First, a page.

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Indications of a negative genetic association between growth and digestibility in juvenile Atlantic salmon (Salmo salar)
- Dvergedal, Hanne, Ødegård, Jørgen, Øverland, Margareth, Mydland, Liv Torunn, Klemetsdal, Gunnar
- Aquaculture 2019
- Salmo salar, body weight, breeding programs, carbon, diet, digestibility, feces, feed conversion, feed intake, fish, gastrointestinal system, genetic correlation, genetic relationships, genetic variance, genotype, genotyping, heritability, juveniles, nitrogen, nutrients, phenotype, phenotypic correlation, selective breeding, yttrium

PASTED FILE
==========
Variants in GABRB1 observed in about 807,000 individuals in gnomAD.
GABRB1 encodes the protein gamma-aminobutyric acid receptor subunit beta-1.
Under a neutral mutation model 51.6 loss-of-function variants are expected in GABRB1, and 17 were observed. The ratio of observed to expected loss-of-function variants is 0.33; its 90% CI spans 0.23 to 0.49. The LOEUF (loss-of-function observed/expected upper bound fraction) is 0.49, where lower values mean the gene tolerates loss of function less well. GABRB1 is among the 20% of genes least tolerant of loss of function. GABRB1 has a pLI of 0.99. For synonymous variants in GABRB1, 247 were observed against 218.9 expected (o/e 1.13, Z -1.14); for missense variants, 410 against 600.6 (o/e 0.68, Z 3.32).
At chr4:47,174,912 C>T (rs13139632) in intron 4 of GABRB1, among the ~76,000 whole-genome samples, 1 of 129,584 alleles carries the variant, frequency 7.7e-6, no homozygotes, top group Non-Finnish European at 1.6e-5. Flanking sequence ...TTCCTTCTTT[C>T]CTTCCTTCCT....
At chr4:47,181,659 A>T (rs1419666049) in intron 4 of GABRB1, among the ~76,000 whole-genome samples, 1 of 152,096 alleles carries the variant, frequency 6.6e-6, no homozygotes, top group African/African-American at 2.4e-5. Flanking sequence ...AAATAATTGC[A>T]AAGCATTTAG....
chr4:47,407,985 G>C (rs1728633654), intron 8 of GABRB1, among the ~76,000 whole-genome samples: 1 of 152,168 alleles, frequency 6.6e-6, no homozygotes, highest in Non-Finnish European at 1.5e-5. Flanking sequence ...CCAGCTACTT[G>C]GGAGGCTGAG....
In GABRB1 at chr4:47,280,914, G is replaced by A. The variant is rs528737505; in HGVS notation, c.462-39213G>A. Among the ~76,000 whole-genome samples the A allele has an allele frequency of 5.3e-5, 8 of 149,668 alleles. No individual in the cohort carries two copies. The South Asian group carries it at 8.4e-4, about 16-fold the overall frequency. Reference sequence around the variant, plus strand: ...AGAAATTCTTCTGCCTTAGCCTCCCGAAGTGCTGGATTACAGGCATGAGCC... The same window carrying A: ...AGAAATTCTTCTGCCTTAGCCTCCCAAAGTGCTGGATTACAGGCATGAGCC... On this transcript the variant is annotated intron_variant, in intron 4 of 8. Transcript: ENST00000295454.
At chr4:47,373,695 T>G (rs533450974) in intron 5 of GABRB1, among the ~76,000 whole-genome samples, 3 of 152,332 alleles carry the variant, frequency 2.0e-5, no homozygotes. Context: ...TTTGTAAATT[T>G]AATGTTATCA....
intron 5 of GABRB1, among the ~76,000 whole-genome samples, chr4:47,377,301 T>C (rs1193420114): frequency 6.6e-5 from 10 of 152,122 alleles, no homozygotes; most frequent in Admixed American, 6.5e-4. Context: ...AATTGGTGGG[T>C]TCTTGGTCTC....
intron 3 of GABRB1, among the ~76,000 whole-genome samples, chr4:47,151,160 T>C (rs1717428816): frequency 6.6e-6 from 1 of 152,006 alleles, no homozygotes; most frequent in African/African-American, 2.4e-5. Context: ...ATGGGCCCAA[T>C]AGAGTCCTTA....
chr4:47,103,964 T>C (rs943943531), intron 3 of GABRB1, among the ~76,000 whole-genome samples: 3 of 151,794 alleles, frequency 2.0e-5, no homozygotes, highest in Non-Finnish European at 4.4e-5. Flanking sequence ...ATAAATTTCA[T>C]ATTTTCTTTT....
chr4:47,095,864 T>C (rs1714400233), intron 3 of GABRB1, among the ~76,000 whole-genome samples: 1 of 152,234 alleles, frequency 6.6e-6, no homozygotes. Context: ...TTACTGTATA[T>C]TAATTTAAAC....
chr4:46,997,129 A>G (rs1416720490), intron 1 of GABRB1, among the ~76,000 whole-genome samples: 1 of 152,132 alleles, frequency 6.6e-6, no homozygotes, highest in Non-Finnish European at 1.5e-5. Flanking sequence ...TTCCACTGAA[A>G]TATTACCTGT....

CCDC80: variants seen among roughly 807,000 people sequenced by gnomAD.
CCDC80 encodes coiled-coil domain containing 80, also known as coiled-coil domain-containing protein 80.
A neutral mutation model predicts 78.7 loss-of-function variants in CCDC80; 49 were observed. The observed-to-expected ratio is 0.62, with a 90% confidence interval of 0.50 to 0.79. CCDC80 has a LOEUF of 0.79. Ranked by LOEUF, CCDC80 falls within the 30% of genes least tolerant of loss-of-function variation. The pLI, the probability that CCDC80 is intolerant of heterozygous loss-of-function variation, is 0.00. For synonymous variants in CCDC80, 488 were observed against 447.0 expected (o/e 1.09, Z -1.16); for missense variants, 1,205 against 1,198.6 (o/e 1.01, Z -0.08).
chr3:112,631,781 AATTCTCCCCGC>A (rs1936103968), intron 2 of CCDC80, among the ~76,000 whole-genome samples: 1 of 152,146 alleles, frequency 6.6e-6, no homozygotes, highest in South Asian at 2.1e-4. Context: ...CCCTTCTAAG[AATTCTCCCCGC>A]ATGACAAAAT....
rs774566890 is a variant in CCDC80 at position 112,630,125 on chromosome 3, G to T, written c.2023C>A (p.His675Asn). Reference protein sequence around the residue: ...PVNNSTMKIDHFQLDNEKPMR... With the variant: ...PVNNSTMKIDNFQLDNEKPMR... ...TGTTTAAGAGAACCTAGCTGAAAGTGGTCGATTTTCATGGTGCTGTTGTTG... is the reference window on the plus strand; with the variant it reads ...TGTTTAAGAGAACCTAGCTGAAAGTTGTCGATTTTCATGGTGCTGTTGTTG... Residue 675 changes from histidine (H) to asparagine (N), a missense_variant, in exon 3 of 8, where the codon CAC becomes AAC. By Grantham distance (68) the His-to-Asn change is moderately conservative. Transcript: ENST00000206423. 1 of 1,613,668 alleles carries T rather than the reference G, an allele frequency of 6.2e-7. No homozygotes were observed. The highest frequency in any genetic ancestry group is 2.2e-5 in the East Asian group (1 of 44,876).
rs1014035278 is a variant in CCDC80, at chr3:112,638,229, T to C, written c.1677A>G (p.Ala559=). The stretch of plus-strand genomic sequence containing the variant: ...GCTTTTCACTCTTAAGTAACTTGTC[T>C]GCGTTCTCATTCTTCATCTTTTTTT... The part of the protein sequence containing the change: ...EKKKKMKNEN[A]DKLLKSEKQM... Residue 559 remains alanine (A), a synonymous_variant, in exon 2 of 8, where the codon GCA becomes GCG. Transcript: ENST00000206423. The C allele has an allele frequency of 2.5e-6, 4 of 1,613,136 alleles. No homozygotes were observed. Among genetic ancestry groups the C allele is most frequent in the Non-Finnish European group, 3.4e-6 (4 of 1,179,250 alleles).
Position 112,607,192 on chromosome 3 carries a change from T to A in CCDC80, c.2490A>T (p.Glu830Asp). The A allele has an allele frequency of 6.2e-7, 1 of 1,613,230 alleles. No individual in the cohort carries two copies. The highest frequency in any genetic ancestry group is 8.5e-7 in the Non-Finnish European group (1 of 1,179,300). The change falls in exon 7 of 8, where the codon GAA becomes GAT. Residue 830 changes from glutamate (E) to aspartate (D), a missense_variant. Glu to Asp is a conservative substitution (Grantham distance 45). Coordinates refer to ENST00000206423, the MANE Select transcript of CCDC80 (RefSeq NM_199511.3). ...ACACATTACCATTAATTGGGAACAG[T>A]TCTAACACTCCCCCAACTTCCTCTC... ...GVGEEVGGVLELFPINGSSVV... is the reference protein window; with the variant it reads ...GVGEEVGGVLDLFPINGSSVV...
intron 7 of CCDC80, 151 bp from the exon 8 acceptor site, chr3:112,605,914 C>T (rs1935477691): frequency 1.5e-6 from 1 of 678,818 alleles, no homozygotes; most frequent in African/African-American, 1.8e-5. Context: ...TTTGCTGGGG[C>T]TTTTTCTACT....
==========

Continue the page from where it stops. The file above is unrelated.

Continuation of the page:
- Digestibility is a part of the feed efficiency complex. Improved understanding of the genetics of digestibility and its relation to the most important traits in a breeding program, such as growth rate, is important for enhanced knowledge on the biological aspects of selective breeding for growth. The aim of the study was to estimate the genetic variance and heritability of nitrogen and carbon digestibility parameters and their genetic and phenotypic correlations with growth using individually recorded phenotypes and genotypes. The fish were kept in a common tank from start-feeding until the end of the experiment. All fish were individually tagged and genotyped (56 K SNP-chip) at ~5–10 g body weight. A total of 129 fish from 14families (average initial body weight of 194g) were included in an individual digestibility trial carried out over 30 days. Individual digestibility was measured as apparent digestibility of nitrogen and carbon in fecal samples, using a fishmeal-based diet with yttrium oxide as an inert marker. To obtain enough feces per fish for digestibility analysis, the fish were stripped four times, i.e., once a week. Results showed significant differences between families with respect to digestibility. Heritabilities were 0.39 ± 0.17 and 0.51 ± 0.18 for digestibility of nitrogen and carbon, respectively. Digestibility showed adverse genetic correlations to the growth rate (−0.77 ± 0.24 to −0.85 ± 0.16). A possible explanation may be that a high growth rate is related to higher feed intake, increasing the passage rate in the gastrointestinal tract and thereby reducing the digestibility of the nutrients. This, however, does not imply that there is an adverse genetic relationship between growth and feed efficiency, as the latter is determined by a number of other factors in addition to digestibility.